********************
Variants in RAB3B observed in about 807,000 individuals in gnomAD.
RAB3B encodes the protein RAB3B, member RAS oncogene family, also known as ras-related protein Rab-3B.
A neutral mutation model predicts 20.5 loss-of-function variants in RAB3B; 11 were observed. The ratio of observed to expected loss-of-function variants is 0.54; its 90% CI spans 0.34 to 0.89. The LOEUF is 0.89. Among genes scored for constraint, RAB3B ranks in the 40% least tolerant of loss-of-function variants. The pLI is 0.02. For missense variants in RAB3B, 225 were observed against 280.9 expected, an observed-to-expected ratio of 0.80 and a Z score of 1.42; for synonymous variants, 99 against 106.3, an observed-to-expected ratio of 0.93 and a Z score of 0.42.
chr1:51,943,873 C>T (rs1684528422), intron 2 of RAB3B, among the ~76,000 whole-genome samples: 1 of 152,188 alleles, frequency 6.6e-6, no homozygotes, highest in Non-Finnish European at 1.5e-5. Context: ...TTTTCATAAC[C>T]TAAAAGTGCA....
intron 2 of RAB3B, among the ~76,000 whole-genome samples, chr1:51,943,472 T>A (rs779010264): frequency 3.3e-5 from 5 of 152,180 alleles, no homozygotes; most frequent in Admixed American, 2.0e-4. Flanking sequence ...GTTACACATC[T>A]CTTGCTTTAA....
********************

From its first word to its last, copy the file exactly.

Variants in RAB3B observed in about 807,000 individuals in gnomAD.
RAB3B encodes the protein RAB3B, member RAS oncogene family, also known as ras-related protein Rab-3B.
A neutral mutation model predicts 20.5 loss-of-function variants in RAB3B; 11 were observed. The ratio of observed to expected loss-of-function variants is 0.54; its 90% CI spans 0.34 to 0.89. The LOEUF is 0.89. Among genes scored for constraint, RAB3B ranks in the 40% least tolerant of loss-of-function variants. The pLI is 0.02. For missense variants in RAB3B, 225 were observed against 280.9 expected, an observed-to-expected ratio of 0.80 and a Z score of 1.42; for synonymous variants, 99 against 106.3, an observed-to-expected ratio of 0.93 and a Z score of 0.42.
chr1:51,943,873 C>T (rs1684528422), intron 2 of RAB3B, among the ~76,000 whole-genome samples: 1 of 152,188 alleles, frequency 6.6e-6, no homozygotes, highest in Non-Finnish European at 1.5e-5. Context: ...TTTTCATAAC[C>T]TAAAAGTGCA....
intron 2 of RAB3B, among the ~76,000 whole-genome samples, chr1:51,943,472 T>A (rs779010264): frequency 3.3e-5 from 5 of 152,180 alleles, no homozygotes; most frequent in Admixed American, 2.0e-4. Flanking sequence ...GTTACACATC[T>A]CTTGCTTTAA....